Thank you, Minister, for those opening remarks.
We are going to start with our first round of questions. We're starting with the Conservatives. They have the floor for six minutes.
Go ahead, MP Albas.
View Dan Albas Profile
CPC (BC)
Thank you, Mr. Chair. Thank you, Minister, for being here today.
Minister, are you aware that the finance department is currently conducting an inflation study?
View Chrystia Freeland Profile
Lib. (ON)
Finance conducts many studies, and of course it's important for them to be looking at inflation—
View Dan Albas Profile
CPC (BC)
The finance committee is conducting one.
View Chrystia Freeland Profile
Lib. (ON)
Oh, the finance committee. Sure. Of course I am.
View Dan Albas Profile
CPC (BC)
You know that we have been eager to have you come before finance committee, as was laid out in the motion, to come and have a deep dive into inflation. Are you aware of that?
View Chrystia Freeland Profile
Lib. (ON)
I am glad to be with you here today and dive into anything you'd like to talk about.
View Dan Albas Profile
CPC (BC)
It's curious, Minister, that you only seem to want to show up here when you're asking for $2.6 billion in taxpayers' money. It's just odd that you would only come for that. I do hope you will be coming back for the full inflation study, because I think there are a lot of issues outside BillC-30 that we need to have a discussion on.
Minister, given the hard work that should have been done over the summer, there's been a lot of criticism about the spending of this government, particularly from a macroeconomic viewpoint. You alluded to this in your own opening comments about adding fuel to the fire.
In chapter 9 of your own budget 2022, you talked about a pause on certain spending of up to $3 billion, as well as a strategic policy review by Treasury Board.
Why, Minister, did you not use the summer to say that we're going to be giving more supports to Canadians through GST tax relief but at the same time shelving or postponing or stopping spending so that you would lessen the issue of inflation? Why did you not do that work?
View Chrystia Freeland Profile
Lib. (ON)
Mr. Albas, I think that is exactly what our government is doing.
As I said in my remarks, our government believes that today we need to find a balance. The balance needs to be between providing targeted support to the most vulnerable Canadians who need it while maintaining real fiscal responsibility.
I think the support we're talking about today, the GST tax credit, is actually support that everyone around this table agrees is the right thing to do. It's exactly what the IMF is recommending. It's targeted, it's focused, it reaches the people who need it the most, and we have really been careful to keep an eye on spending. We recognize that now is the time for fiscal responsibility. The budget in the spring was fiscally responsible. As I said in my opening remarks, Canada today not only has the lowest debt-to-GDP ratio in the G7 but also the lowest deficit in the G7. We are finding that balance, and I look forward to getting support from all members of the House for that balanced approach.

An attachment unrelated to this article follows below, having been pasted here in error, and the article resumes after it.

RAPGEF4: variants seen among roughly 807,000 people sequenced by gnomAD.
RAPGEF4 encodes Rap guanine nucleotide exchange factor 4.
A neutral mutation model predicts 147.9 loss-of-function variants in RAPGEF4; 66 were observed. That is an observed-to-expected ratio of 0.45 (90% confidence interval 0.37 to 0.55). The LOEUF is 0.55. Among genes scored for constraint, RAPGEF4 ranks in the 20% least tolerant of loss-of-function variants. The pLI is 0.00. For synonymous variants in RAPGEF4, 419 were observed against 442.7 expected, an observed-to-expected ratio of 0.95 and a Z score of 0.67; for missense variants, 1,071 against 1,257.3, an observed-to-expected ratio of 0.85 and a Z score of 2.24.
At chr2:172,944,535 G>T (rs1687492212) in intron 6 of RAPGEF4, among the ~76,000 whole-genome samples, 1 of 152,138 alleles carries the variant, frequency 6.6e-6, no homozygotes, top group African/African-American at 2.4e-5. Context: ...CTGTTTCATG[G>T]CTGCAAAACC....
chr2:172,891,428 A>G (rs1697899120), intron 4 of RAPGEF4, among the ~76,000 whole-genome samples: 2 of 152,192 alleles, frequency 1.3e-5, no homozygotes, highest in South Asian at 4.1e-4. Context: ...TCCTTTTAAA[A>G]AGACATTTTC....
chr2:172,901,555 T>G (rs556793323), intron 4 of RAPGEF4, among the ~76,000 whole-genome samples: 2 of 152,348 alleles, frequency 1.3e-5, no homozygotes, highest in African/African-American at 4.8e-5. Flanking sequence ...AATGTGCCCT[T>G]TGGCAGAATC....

View Dan Albas Profile
CPC (BC)
Minister, a balanced approach would mean that as you offer something, in this case targeted tax relief, you would also then correspondingly make sure there are cuts. That isn't the case. Since you're so much about fiscal responsibility, Minister, maybe you could tell us when you believe the budget will be balanced.
View Chrystia Freeland Profile
Lib. (ON)
Again, as I said in my opening remarks, we are taking clear steps to show fiscal responsibility. One of those steps is a really responsible budget that we tabled in April. Let me really underscore that it's the lowest deficit in the G7. It does include a $9-billion cut to government spending.
I know that Canadians right now are having to make careful choices in their household budgets, and I think it's quite reasonable of them to expect the same careful management by the government of the country's finances. That is exactly the approach we're taking.
View Dan Albas Profile
CPC (BC)
Most families, when they balance their own budget, know when they will come back into balance, Minister. I really would hope that you would start doing the hard work, because both Conservative and Liberal ministers of finance have worked very hard in the past to come to the Commons with a balanced budget, and if you can't even give us a date, that's says to me that it's still just talk.
Let's talk about Bill C-30 as it is.
This one-time help, which Conservatives do support, is welcome relief for families. As you said, it's about $467 of support through this bill. Now, contrast that with the fact that the average family of four is now spending over $1,200 more each year to put food on the table, and that's not to mention the rising costs of heat, gasoline and rent. Do you acknowledge, Minister, that this bill is not enough to fill that shortfall for these Canadians who would be targeted by Bill C-30?
View Chrystia Freeland Profile
Lib. (ON)
Mr. Albas, as I said in my opening remarks, the careful balance that the government must find right now as Canadians grapple with inflation and as the Bank of Canada fights inflation is quite different from what we needed to do when COVID hit and we had to shut down the economy.
When COVID hit, we said—we as a country decided—that we were going to close things down to save lives, and we did save lives. A study over the summer led by David Naylor showed that 70,000 additional Canadians would have died had we suffered U.S. levels of mortality. We did the right thing, but we actually all collectively said—